This nonkeen article was written by Daniel Kirby, a GIGsoup contributor. Edited by Ben Kendall.
The story behind nonkeen goes all the way back to the end of the Cold War. In 1989 Sebastien Singwald left communist controlled East Berlin for rural Hamburg in democratic West Germany on a two week sports exchange trip. Two of Singwald‘s host students became interested in the large tape recorder that he was carrying around his neck, and from this a lifelong friendship was born. One student was Frederic Gmeiner, and the other was the now world famous Nils Frahm, known for his creative blend of classical and electronic music.
The three of them began recording regularly together, everything from the sounds of the playground, to radio shows, to practising their instruments. During their teens, the trio began playing live concerts at a fairground during the summer until an accident involving a broken carousel saw two passengers come crashing into the stage. With their instruments broken, the boys put an end to their childhood collaboration and went their separate ways. But a decade later all three found themselves simultaneously living in Berlin, so they decided to dust off their old material and started reworking it.
Recorded over an eight year period between 2007-2015, ‘the gamble’ was gradually pieced together using multi-track tape recorders in Singwald’s basement whenever their schedules permitted. The trio built upon their youthful experimentations, using some as a foundation and sampling others, adding on top these much of what they’ve learned over the intervening years. Frahm‘s touch can be heard across the album (he also handled the production side), but this is largely because his work is the most recognisable of the trio.
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‘the gamble’ features a selection of styles including minimalist, ambient, Latin house and even a touch of jazz. The cold, sci-fi synths of ‘The Invention Mother’ has Frahm written all over them, as does the melancholic ‘Saddest Continent on Earth’, both of which open the album. Frahm‘s signature synth keys are visible yet again on ‘Ceramic People’, but it’s here where the contributions of others become more visible, most notably the jazzy percussion of Andrea Belfi, the only outside contributor to feature. Belfi‘s skittery drumming then makes way for the slowpaced Latin house of ‘Animal Farm’ which sees ‘the gamble’ descent into a more downtempo mode.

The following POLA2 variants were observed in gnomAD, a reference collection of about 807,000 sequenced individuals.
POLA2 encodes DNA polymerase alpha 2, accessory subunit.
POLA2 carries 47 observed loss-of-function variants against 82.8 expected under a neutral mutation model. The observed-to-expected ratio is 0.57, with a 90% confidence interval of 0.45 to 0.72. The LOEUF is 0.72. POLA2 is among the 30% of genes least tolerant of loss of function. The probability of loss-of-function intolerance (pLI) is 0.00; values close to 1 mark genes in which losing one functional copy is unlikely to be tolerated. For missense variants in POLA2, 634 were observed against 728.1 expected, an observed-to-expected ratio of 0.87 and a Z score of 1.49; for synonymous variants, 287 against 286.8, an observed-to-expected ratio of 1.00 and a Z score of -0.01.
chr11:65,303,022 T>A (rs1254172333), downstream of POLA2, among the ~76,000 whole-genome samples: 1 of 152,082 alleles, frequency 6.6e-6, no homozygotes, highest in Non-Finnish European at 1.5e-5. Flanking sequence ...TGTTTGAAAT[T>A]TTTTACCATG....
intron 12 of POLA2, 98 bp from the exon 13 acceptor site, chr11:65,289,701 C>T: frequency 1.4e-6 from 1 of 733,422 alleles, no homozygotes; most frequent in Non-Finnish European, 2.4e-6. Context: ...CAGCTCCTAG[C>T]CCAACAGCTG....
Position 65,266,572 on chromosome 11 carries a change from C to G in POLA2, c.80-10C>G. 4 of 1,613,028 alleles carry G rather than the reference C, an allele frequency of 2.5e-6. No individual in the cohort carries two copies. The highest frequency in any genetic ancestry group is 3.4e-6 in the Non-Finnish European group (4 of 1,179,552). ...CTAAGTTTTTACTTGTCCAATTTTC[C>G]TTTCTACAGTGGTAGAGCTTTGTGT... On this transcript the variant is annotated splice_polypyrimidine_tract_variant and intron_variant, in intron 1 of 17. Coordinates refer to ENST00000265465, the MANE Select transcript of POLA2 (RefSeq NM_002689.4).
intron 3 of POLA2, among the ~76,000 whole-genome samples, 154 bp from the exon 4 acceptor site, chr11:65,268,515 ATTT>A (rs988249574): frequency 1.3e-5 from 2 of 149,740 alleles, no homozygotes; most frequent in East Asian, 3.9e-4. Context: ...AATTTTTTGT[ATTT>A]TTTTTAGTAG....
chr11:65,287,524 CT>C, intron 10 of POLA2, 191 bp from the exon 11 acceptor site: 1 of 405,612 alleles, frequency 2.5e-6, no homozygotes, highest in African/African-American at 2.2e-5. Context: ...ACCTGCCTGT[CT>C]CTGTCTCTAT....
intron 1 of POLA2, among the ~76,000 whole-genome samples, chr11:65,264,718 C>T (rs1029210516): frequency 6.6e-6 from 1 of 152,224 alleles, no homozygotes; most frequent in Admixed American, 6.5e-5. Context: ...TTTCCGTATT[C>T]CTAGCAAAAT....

‘The Beautiful Mess’ contains a strong hint of Lalo Schifrin‘s jazzy compositions, but the album takes its first real dip during the second half. ‘Capstan’ spends three minutes doing nothing before the shuffling Latin house of ‘Chasing God Through Palmyra’ with its mellow keys and paranoid air suddenly kicks in. The album closes with two ambient cuts, ‘Pink Flirt’, which floats beautifully along before turning into something a little more uneasy, and the spacious ‘Re: Turn!’ featuring Frahm‘s echoing keys.
For an album loosely based on old recordings and informally pieced together over eight years, ‘the gamble’ comes out sounding very complete. It may not be as experimental as some would have hoped but there’s plenty to enjoy, especially for fans of Nils Frahm‘s solo work.
‘the gamble’ is out now via R&S Records.